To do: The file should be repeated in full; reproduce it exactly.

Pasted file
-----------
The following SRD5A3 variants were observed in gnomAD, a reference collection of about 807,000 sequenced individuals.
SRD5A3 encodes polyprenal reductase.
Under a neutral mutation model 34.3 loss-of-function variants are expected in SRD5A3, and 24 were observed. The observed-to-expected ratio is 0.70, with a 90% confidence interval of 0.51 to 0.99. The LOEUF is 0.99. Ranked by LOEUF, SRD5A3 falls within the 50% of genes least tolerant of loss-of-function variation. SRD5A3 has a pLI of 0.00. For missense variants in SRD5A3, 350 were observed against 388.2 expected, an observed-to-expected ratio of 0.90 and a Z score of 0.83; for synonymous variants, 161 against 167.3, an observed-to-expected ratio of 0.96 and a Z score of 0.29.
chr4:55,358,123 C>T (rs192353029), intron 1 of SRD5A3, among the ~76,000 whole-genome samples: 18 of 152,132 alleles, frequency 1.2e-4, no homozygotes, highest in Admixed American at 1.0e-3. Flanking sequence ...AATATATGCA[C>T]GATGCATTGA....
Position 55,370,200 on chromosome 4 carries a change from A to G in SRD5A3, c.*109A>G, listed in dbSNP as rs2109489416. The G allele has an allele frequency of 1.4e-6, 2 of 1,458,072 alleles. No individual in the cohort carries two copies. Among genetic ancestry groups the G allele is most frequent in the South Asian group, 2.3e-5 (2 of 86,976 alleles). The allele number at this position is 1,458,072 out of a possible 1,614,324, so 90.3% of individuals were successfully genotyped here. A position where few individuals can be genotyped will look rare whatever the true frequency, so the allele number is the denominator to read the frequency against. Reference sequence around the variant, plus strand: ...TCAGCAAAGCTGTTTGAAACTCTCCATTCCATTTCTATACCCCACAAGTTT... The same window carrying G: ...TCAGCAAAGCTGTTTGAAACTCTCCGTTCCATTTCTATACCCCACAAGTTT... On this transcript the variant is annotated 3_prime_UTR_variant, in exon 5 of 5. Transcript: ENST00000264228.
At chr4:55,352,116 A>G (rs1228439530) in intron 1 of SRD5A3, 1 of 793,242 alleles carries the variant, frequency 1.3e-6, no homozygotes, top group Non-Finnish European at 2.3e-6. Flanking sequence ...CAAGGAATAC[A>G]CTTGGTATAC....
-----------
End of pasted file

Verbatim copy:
The following SRD5A3 variants were observed in gnomAD, a reference collection of about 807,000 sequenced individuals.
SRD5A3 encodes polyprenal reductase.
Under a neutral mutation model 34.3 loss-of-function variants are expected in SRD5A3, and 24 were observed. The observed-to-expected ratio is 0.70, with a 90% confidence interval of 0.51 to 0.99. The LOEUF is 0.99. Ranked by LOEUF, SRD5A3 falls within the 50% of genes least tolerant of loss-of-function variation. SRD5A3 has a pLI of 0.00. For missense variants in SRD5A3, 350 were observed against 388.2 expected, an observed-to-expected ratio of 0.90 and a Z score of 0.83; for synonymous variants, 161 against 167.3, an observed-to-expected ratio of 0.96 and a Z score of 0.29.
chr4:55,358,123 C>T (rs192353029), intron 1 of SRD5A3, among the ~76,000 whole-genome samples: 18 of 152,132 alleles, frequency 1.2e-4, no homozygotes, highest in Admixed American at 1.0e-3. Flanking sequence ...AATATATGCA[C>T]GATGCATTGA....
Position 55,370,200 on chromosome 4 carries a change from A to G in SRD5A3, c.*109A>G, listed in dbSNP as rs2109489416. The G allele has an allele frequency of 1.4e-6, 2 of 1,458,072 alleles. No individual in the cohort carries two copies. Among genetic ancestry groups the G allele is most frequent in the South Asian group, 2.3e-5 (2 of 86,976 alleles). The allele number at this position is 1,458,072 out of a possible 1,614,324, so 90.3% of individuals were successfully genotyped here. A position where few individuals can be genotyped will look rare whatever the true frequency, so the allele number is the denominator to read the frequency against. Reference sequence around the variant, plus strand: ...TCAGCAAAGCTGTTTGAAACTCTCCATTCCATTTCTATACCCCACAAGTTT... The same window carrying G: ...TCAGCAAAGCTGTTTGAAACTCTCCGTTCCATTTCTATACCCCACAAGTTT... On this transcript the variant is annotated 3_prime_UTR_variant, in exon 5 of 5. Transcript: ENST00000264228.
At chr4:55,352,116 A>G (rs1228439530) in intron 1 of SRD5A3, 1 of 793,242 alleles carries the variant, frequency 1.3e-6, no homozygotes, top group Non-Finnish European at 2.3e-6. Flanking sequence ...CAAGGAATAC[A>G]CTTGGTATAC....